How well are companies positioned to report on environmental aspects?

Our 9th edition of Reporting Matters focuses on our in-depth analysis of how well companies in the FTSE350 are integrating ESG into their corporate reporting and meeting key investor stewardship expectations.

A notable trend we noticed is the increased use of materiality assessments, making ESG strategies easier to understand for readers of the annual report. The majority of reports we reviewed included a clearly defined ESG strategy built around commitments which were described as material.

These were also increasingly integrated into the corporate strategy, which included ESG aspects, if not an ESG pillar, or was underpinned by the ESG strategy in over three-quarters of reports. Climate change and net zero were key focus areas, no doubt helped by TCFD and the mandatory standards being developed by the Transition Plan Taskforce (TPT) for climate transition plans of UK companies.

All companies in our sample identified climate change as a risk and over three-quarters as a principal risk, although two mentioned it only in their TCFD disclosures. Most also differentiated between physical and transition risks. However, climate-related opportunities continued to be less well documented than risks with only one-third providing detailed disclosures, one-quarter mentioning them only in their TCFD disclosures and one company not identifying any opportunities at all.

Likewise, in the second year of mandatory TCFD reporting, half of the companies in our sample did not quantify the impact of climate change on their financial planning, even if they did so in their publicly available CDP response and three companies did not mention financial impacts at all. Companies should remember that TCFD is asking them to consider the impacts of climate-related risks and opportunities on their strategy and financial planning over different time horizons – not just on the current year’s financial statements, where it is often judged to be immaterial. Investors, too, expect to see financial impacts sufficiently explained and may vote against the annual report, financial statements or reappointment of the NEDs responsible if they are not satisfied with the disclosure.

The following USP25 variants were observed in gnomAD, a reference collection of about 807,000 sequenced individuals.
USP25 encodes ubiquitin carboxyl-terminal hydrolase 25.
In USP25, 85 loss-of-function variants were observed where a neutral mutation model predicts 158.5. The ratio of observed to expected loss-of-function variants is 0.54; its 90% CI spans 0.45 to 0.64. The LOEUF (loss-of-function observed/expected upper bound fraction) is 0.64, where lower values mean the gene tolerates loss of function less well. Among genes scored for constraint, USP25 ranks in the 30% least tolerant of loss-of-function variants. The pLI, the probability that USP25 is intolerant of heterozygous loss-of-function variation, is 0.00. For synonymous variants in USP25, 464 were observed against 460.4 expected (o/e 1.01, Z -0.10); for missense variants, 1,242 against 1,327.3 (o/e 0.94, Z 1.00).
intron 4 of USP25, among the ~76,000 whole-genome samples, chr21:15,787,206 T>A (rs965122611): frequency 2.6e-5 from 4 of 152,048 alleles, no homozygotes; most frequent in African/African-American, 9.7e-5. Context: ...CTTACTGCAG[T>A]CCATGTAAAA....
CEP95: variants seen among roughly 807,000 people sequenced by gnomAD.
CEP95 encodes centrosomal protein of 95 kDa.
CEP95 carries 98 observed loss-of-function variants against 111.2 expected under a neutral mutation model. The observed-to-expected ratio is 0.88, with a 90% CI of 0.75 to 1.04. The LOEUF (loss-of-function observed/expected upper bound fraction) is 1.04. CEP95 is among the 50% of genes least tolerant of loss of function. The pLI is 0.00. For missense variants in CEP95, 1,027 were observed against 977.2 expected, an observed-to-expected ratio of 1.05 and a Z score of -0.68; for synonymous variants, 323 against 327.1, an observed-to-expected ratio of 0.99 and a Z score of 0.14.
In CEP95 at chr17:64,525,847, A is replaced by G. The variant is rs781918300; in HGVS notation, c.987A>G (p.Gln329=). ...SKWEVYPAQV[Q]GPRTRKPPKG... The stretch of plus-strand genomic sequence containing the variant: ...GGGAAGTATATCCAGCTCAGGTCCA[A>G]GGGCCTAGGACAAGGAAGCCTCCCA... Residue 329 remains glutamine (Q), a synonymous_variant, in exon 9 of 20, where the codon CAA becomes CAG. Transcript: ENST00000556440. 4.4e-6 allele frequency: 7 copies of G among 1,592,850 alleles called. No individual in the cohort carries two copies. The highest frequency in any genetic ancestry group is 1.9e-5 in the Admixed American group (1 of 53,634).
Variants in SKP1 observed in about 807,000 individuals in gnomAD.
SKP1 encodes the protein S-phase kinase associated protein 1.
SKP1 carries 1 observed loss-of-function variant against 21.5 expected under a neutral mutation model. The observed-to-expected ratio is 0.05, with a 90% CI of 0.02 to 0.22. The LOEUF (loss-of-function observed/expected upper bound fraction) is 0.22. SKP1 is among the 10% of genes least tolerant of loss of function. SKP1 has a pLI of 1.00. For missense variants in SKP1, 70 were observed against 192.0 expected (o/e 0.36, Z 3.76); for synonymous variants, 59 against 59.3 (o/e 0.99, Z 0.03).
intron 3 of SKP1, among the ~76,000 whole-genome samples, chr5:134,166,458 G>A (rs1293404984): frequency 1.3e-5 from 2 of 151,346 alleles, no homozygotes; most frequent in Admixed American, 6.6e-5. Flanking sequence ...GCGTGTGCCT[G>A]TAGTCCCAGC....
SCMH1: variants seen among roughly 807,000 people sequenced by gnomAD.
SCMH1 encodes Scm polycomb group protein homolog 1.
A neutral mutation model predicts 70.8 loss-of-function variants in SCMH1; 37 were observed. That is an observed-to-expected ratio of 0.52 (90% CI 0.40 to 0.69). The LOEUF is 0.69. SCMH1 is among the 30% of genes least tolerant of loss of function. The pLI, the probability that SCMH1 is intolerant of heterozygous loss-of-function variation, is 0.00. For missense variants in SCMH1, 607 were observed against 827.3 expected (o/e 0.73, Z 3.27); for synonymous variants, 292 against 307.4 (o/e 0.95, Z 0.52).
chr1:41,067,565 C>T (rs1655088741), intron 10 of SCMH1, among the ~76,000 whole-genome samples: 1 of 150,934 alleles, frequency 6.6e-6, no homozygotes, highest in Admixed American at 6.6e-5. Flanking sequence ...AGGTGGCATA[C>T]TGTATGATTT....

Conversely, accountability for delivering climate-related commitments was well disclosed with an increasing number of reports featuring ESG Committee reports or similar in the Governance Report. Given the proposed updates to the UK Corporate Governance Code, we also expect to see ESG increasingly discussed in the Audit Committee report.

All companies in our sample reported their Scope 3 emissions or were preparing to do so and two considered Scope 4 reporting due to growing interest, with one presenting a case study detailing how its products help customers avoid emissions.

Most of the reports we reviewed mentioned net-zero transition plans with targets, the majority of them science based. However, while most reports included at least a summary of how the company intends to achieve these targets, almost one-third did not and one company did not disclose any targets. None had decided to report early against the TPT framework, which is substantially more complex than most current transition plan reporting.

In this context it is interesting that we observed a trend towards shifting detailed disclosure of TCFD and transition plans into separate publications. We understand that companies are concerned about page count, but would remind them that time-poor investors view the annual report as a company’s shop window and principal research report, ahead of sell-side research, and that information which is material – that is, decision-useful for investors – should be included in the Strategic Report.

With TPT set to become mandatory and ISSB S2 likely to replace TCFD, the consideration of what constitutes material information will become ever more important for companies seeking to strike a balance between satisfying regulatory requirements and keeping reporting both manageable and user friendly.

The imminent launch of the Taskforce on Nature-related Financial Disclosures (TNFD) framework will only exacerbate this issue. As the name suggests, TNFD is closely modelled on TCFD and will enable companies to report on nature-related dependencies, impacts, risks and opportunities and integrate these into their decision making. It is therefore encouraging that nature-related issues, such as water and waste management, are increasingly identified as material and progress tracked against timebound targets.

Best-practice recommendations

  • Leverage your double materiality assessment to identify ESG information that is decision-useful for investors.
  • Report against all 11 recommended TCFD disclosures, including the impact of climate change on your financial planning.
  • Identify climate-related opportunities and explain how they will enable you to participate in a low-carbon economy.
  • Set science-based targets for your net-zero transition plan and explain your strategy for achieving them.
  • Consider nature-related ESG issues in terms of risks and opportunities for your business and set timebound targets.

Download a copy of the report

At our launch event on 19 July, Luminous’ Stephen Butler, Investor Engagement & ESG Disclosure Director, Rachel Madan, Sustainability & Impact Director, and Nina Kefer, Senior Consultant, IE & ESG Disclosure, along with Jonathan Labrey, Chief Connectivity and Integrated Reporting Officer, IFRS Foundation, shared the outcomes of our proprietary research. They also offered practical advice on how companies can integrate ESG, bring their equity story to life, communicate their purpose and culture, and much more.

 If you would like to access the recording, slides or transcript from our event, please get in touch